- Heaven and Hell (1980)
The opener, Neon Knights, served notice that Black Sabbath – with Dio replacing Osbourne – were revitalised. It wasn’t the only track on which the group sounded revitalised by the emergent new wave of British of heavy metal (see also: Die Young). The title track still had the Sabbath plod, yet they somehow sounded nimble with it. They were leading again, not following.
- Sabbath Bloody Sabbath (1973)
The fifth Sabbath album saw them stretching out – Looking for Today has a flute break! A flute! On a Black Sabbath record! – but without sacrificing intensity. From the cover – some sort of satanic ritual in bed – through the title track, to Killing Yourself to Live, Sabbath Bloody Sabbath helped codify metal and extend its boundaries.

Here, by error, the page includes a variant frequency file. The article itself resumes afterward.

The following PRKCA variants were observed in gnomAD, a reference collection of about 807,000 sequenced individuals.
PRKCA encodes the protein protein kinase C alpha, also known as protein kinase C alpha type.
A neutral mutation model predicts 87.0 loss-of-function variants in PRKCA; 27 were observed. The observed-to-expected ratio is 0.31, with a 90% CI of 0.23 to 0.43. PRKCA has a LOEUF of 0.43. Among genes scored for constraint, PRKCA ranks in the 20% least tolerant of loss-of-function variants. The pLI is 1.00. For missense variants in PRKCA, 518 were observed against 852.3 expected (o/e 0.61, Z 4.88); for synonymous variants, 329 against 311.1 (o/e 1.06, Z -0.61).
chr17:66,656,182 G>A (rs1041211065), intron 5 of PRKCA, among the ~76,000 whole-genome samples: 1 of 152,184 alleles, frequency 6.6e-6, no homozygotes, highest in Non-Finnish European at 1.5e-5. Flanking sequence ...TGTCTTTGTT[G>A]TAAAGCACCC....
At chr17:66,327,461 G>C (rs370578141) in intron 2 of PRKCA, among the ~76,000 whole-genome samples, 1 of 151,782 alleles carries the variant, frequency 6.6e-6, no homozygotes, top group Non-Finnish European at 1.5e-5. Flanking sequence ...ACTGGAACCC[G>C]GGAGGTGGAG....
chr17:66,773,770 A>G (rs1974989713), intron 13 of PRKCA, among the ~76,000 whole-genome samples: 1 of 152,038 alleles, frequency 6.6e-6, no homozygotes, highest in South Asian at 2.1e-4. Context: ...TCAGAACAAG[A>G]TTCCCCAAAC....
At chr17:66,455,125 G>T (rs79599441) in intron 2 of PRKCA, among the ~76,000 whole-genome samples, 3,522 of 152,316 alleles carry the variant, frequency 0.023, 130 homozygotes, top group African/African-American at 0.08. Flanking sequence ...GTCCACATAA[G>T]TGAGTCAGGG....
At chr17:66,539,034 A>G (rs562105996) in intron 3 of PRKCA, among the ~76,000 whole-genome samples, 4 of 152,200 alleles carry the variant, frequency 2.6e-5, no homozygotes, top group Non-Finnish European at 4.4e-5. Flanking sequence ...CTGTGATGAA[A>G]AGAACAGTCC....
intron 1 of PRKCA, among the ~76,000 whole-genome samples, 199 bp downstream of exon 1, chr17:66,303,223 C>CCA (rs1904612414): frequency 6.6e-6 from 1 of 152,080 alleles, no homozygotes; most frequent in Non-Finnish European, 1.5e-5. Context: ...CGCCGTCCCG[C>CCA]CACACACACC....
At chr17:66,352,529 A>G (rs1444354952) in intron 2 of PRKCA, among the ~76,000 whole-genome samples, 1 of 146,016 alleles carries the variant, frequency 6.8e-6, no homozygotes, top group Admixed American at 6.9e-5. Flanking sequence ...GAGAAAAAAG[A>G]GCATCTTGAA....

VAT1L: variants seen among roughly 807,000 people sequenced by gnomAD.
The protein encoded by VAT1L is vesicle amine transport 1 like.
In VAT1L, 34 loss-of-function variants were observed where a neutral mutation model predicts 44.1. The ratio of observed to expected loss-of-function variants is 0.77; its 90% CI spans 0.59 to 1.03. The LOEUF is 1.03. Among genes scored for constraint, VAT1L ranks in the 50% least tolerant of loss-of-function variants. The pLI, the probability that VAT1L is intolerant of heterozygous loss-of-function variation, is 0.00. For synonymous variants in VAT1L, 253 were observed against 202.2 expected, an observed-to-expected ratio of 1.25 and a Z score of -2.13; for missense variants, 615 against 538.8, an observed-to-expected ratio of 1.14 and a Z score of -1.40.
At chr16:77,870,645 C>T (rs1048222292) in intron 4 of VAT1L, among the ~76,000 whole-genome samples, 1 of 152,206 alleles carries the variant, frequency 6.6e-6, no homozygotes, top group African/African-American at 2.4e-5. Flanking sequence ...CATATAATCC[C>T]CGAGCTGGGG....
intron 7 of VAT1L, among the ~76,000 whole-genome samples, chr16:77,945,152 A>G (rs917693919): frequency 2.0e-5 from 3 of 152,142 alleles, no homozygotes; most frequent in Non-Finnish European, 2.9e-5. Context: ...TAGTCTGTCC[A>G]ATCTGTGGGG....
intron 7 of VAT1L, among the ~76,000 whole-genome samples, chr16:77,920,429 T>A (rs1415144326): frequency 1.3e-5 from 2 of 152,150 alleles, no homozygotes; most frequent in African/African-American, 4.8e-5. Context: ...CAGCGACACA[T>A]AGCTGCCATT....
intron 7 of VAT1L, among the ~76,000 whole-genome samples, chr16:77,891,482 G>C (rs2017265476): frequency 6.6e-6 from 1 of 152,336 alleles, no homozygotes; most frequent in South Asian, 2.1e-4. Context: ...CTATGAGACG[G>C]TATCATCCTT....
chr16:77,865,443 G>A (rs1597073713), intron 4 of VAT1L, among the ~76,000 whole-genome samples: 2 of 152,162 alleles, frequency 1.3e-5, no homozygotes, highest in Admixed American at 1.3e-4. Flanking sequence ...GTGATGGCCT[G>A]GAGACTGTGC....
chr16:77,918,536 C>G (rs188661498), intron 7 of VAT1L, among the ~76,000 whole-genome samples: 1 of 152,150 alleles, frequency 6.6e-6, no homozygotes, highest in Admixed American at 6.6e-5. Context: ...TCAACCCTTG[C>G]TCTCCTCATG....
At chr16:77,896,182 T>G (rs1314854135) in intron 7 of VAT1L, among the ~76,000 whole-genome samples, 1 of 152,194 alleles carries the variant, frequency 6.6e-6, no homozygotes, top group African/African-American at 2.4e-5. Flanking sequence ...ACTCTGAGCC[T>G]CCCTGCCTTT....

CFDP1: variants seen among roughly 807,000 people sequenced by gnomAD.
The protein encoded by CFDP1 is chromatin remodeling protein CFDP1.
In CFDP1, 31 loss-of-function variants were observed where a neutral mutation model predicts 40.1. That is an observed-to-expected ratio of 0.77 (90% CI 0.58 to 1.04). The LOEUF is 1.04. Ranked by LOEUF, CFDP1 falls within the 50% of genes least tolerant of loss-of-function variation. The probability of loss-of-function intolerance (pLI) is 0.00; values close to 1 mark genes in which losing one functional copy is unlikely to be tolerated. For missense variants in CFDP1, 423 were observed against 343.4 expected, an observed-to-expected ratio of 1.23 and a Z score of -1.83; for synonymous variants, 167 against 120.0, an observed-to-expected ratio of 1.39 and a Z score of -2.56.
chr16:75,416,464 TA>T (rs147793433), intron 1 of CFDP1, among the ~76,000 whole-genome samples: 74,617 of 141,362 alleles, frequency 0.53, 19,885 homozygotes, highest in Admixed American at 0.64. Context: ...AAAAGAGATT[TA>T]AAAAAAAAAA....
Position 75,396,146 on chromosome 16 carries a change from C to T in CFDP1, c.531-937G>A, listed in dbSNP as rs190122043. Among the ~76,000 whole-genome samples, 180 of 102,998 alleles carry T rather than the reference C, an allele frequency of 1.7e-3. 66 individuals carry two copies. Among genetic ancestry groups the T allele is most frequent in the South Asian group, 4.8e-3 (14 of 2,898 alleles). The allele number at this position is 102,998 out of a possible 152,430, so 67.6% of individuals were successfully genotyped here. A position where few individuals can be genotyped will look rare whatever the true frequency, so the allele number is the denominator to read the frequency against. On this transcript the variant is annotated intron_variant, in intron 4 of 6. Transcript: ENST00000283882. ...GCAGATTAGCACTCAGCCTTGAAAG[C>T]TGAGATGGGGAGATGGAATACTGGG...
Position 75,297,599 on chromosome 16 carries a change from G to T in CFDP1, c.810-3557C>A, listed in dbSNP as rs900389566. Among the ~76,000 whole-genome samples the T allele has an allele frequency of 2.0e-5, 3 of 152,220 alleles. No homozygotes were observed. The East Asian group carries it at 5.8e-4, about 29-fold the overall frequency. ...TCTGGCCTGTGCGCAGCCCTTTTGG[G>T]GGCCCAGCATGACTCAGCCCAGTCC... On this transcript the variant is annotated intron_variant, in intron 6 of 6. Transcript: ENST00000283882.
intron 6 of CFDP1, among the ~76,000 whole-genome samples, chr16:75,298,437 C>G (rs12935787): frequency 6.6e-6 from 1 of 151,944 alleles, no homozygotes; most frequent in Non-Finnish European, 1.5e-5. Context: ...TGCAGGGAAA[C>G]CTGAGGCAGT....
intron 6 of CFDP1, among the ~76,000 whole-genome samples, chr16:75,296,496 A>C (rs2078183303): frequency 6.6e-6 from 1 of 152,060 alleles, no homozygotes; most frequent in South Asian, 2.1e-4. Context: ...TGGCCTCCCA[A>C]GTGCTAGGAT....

Geezer Butler, Tony Iommi, Bill Ward and Ozzy Osbourne in the 70s. Photograph: Chris Walter/WireImage
- Master of Reality (1971)
Master of Reality was Black Sabbath’s most subtle album yet and their most bludgeoning. Ward’s jazzy drumming – somehow swinging and precise – propelled even the most straightforward of the tracks. (Children of the Grave would be a pretty good boogie without Ward; he makes it monstrous.) The previous album was called Paranoid, but this was the one that sounded paranoid. The cause was perhaps the subject of the album’s opener, Sweet Leaf, on which a looped cough gives way to an Iommi riff so brutal that it is almost a caricature, before Osbourne spends several minutes explaining just how much he likes weed. A masterpiece.